Thousands of U.S. auto workers remain on strike, and the walkout is being felt in Minnesota. A rally was scheduled this morning in the Twin Cities suburb of Plymouth, where the car company Stellantis has a parts distribution center. Employees there, as well as from a GM parts facility just across the Wisconsin border, are part of the nationwide strike.
Bernie Burnham, president of the Minnesota AFL-CIO, was among the groups hosting today’s rally and said local workers are telling her that a lot of the contract fight has to do with helping new workers.
“These newer workers are getting a different system of pay – they get benefits, but their pay is to the point where sometimes they have to have a couple of jobs,” she said.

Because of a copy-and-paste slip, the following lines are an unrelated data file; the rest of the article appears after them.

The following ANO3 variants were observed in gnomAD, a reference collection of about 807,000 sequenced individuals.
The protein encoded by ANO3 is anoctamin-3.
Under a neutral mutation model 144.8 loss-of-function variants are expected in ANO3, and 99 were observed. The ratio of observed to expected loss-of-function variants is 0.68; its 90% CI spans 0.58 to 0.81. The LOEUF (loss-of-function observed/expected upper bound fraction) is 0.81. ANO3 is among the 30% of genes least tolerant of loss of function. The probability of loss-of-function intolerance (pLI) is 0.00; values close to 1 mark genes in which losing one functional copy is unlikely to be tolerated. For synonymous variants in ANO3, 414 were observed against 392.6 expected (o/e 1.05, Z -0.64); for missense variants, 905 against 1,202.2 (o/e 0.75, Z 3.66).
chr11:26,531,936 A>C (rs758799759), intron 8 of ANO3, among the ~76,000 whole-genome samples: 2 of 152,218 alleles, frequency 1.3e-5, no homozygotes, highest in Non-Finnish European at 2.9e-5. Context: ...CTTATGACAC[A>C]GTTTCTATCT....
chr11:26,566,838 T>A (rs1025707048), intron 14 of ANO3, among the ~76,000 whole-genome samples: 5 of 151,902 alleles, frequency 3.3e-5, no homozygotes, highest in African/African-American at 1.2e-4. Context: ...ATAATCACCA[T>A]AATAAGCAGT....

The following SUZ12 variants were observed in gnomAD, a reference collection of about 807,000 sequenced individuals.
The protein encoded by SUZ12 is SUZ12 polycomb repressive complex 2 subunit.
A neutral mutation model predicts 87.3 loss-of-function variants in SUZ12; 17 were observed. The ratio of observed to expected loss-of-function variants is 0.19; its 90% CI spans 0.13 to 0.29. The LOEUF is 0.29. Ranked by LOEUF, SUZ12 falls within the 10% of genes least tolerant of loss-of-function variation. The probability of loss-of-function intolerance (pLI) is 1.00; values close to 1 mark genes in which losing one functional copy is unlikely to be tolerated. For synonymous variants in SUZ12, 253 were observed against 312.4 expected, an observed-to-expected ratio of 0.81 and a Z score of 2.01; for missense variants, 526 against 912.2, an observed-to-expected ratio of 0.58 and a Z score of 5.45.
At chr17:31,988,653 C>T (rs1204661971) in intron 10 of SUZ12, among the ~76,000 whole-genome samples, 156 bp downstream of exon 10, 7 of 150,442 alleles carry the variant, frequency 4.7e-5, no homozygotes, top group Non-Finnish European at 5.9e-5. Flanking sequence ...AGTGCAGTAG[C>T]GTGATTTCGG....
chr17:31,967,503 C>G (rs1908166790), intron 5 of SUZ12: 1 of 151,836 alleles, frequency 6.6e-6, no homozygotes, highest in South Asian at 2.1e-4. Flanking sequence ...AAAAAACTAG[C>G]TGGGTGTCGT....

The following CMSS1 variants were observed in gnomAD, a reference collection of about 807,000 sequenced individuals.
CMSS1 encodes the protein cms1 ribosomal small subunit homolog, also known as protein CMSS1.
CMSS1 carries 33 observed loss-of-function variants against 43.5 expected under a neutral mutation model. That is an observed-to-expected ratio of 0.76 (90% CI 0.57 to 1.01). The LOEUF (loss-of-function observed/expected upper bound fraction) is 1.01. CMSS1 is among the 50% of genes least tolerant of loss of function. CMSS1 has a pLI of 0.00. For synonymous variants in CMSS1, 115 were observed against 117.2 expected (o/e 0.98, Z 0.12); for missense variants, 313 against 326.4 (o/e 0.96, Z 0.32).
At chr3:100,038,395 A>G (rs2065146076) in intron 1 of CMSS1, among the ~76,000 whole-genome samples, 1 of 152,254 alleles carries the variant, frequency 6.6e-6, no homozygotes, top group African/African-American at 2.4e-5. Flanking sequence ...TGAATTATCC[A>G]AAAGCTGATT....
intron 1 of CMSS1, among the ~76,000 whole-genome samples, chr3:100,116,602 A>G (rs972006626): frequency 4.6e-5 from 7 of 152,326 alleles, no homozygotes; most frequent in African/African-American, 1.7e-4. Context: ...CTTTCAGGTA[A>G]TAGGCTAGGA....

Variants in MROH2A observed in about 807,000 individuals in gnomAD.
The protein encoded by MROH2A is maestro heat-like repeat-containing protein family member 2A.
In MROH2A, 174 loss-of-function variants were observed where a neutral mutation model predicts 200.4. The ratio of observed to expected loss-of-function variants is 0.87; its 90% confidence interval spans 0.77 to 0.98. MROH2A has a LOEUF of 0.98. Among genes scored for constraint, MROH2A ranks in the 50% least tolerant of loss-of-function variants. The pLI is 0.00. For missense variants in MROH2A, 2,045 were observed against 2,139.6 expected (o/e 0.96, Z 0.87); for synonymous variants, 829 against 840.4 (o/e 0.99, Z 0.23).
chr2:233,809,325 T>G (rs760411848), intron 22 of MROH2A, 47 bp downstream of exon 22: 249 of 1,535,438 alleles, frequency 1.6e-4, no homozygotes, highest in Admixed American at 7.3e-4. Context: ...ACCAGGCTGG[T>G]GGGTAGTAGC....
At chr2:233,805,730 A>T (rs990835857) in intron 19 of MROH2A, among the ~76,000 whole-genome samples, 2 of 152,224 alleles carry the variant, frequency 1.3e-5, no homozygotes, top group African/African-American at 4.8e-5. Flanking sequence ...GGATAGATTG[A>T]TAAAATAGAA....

She reiterated what UAW leaders have argued—that CEOs at these automakers are taking in big profits as workers push for better pay and benefits. Some companies at the center of the strike have called the walkout unnecessary, arguing they have made stronger offers than what union leaders are claiming.
Burnham pointed out there are safety concerns as well, with workers saying they are having a hard time keeping up with overtime demands.
“You’re expected, of course, to do more with less time, and to just kind of keep pushing the pace all the time,” she continued.
She suggested those demands stem from higher turnover rates among newer workers, who end up leaving once their pay rate maxes out. Among other demands, the UAW is seeking a switch to a 32-hour week with 40 hours of pay in its contract negotiations.
Mike Moen writes for the Minnesota News Connection.